The Sport of Extreme Standing Has No Winners

Posted by Doug Herman on Jan 12, 2022 7:20:45 AM


My friend Alex invented a new sport: Extreme Standing. When she got a sit-to-stand desk from our MojoDesk division last year, she loved it immediately. As a CFO, Alex had no problem crunching numbers on a laptop, whether she was at home on a sofa, sitting in a coffeeshop or standing at her desk. She especially loved standing. But then the back pain set in…

When Alex mentioned the back pain, I asked about her sit-to-stand ratio throughout the day. That’s how I found out she was standing up to 10 hours a day, never lowering the desk to sit. Her sit-to-stand desk was functioning as a laptop stand. Given the time we devote to ergonomics here at Xybix and MojoDesk, I felt qualified to offer up a few tips on using the desk. I’m happy to report that the Extreme Standing champion’s back pain quickly subsided once she balanced out her sit-to-stand ratio.

I want to share these tips now because so many of us are on a fitness journey, whether inspired by New Year’s resolutions, striving for that pre-pandemic body or simply getting healthier. A sit-to-stand desk from MojoDesk or Xybix can be a part of that journey—as long as you don’t take standing to the extreme.

Strive for a 1:1 Ratio

The consensus on a healthy sit-to-stand ratio is 1:1—meaning that for every hour you stand, you should sit for an hour. Setting a goal of standing half the day is entirely doable, especially if you alternate sitting and standing throughout the day. While your work may dictate how often you can change positions without losing focus, try to stand for no more than 30 to 60 minutes at a time. In the interest of moderation, be sure to build up to standing half the day over a few weeks.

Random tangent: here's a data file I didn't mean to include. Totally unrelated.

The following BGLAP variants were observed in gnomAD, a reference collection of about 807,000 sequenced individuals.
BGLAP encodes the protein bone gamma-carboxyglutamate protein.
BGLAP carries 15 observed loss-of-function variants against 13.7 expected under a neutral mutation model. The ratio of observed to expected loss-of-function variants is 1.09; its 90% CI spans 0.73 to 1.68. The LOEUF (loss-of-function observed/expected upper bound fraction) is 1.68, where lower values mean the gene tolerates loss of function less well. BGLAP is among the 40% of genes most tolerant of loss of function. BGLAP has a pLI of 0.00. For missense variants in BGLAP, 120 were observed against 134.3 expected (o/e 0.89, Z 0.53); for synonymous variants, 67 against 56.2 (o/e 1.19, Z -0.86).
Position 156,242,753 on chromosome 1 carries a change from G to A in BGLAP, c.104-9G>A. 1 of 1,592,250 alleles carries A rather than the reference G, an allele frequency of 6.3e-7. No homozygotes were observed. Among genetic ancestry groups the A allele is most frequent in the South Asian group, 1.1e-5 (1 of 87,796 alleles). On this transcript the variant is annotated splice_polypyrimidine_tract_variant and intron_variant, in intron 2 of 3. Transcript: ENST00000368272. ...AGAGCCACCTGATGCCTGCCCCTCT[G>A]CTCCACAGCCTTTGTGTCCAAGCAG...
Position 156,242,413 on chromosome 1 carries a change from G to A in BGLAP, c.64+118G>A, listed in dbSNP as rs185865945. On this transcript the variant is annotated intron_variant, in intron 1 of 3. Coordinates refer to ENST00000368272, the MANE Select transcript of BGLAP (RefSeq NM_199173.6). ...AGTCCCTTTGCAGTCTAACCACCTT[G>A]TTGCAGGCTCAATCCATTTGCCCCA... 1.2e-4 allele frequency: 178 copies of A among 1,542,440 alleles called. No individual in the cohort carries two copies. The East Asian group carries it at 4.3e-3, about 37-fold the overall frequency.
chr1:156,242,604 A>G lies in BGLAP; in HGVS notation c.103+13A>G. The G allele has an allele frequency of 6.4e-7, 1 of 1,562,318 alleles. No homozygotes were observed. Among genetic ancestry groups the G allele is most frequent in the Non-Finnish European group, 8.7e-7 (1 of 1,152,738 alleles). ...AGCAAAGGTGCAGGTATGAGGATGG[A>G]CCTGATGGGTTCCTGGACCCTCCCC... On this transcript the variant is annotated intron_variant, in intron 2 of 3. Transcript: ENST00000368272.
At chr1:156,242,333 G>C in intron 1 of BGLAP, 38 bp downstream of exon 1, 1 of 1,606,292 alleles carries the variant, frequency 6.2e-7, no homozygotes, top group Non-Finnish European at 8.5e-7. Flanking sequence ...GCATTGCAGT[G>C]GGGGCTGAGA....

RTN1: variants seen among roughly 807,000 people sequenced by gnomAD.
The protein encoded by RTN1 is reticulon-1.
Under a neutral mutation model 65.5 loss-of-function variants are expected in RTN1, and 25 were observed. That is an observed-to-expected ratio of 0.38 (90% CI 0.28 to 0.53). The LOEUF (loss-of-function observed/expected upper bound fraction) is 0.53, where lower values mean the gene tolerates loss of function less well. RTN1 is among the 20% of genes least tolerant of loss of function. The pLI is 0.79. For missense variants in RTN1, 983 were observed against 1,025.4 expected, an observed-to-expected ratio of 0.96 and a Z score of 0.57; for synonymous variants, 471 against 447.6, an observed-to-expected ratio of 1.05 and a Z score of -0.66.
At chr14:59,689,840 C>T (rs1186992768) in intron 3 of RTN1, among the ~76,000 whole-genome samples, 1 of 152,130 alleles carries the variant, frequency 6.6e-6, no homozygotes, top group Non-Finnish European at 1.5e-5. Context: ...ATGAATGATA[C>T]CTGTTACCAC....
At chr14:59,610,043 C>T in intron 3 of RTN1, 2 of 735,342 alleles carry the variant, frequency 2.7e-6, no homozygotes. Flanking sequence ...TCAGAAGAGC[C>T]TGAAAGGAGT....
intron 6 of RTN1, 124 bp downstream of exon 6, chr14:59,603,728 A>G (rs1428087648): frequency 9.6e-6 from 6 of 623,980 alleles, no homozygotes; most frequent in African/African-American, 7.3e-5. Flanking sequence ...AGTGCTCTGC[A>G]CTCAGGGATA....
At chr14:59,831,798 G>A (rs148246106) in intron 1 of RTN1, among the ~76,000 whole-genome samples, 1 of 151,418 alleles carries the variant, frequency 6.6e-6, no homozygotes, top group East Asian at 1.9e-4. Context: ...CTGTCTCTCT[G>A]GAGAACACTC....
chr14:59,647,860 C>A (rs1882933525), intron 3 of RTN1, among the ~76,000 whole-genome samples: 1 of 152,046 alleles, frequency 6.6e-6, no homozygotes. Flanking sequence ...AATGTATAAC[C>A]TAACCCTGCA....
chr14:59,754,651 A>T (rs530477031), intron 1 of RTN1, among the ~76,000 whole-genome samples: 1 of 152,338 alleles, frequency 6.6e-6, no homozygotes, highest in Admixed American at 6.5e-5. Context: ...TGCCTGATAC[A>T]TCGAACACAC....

Pay Attention to Ergonomics

While you’re standing, pay careful attention to your desk height and body position. Raise the desktop so that your forearms can rest on the desk when your arms are bent 90° at the elbow. (Ideally, do not actually rest your arms while typing—instead, allow your hands to float over the keyboard.) Any screens on the desk should be positioned so that your eyes are at the top ¼ of the screen, gazing down about 15° to 20° from level. Remember or program your desktop height setting so you can quickly get it right every time.

Standing at your desk is not like standing around with a shopping cart or cocktail in hand. You need to stand up straight—not with a hip cocked or a foot turned to the side but also not in that locked-knees, at-attention posture of a grade school picture. Focus on the following:

  • Stand evenly on your feet
  • Place your feet hip distance apart
  • Point your toes forward
  • Keep your legs straight but don’t lock your knees (I like to sway to music)
  • Keep your neck tall and shoulders relaxed
  • Keep your head, neck and spine in a straight line

A great thing about standing is that you can dance around a bit and stretch. While you’re focusing on work, however, chances are you’re standing still and you want to be sure that the posture you settle into is right for your body.


Cushion Your Feet

If you’re standing half the day—even with the best posture—your footwear and flooring will affect how you feel. Consider cushiony shoes and an anti-fatigue mat, provided that it won’t become a trip hazard.

So, that’s how you avoid Extreme Standing while still reaping the benefits of your sit-to-stand desk: follow a 1:1 ratio of sitting to standing, watch your desk height and posture, and cushion your feet. Happy standing!


Topics: Employee Health, Ergonomics, Features, Brief Overview, Featuring a Video or Photo Gallery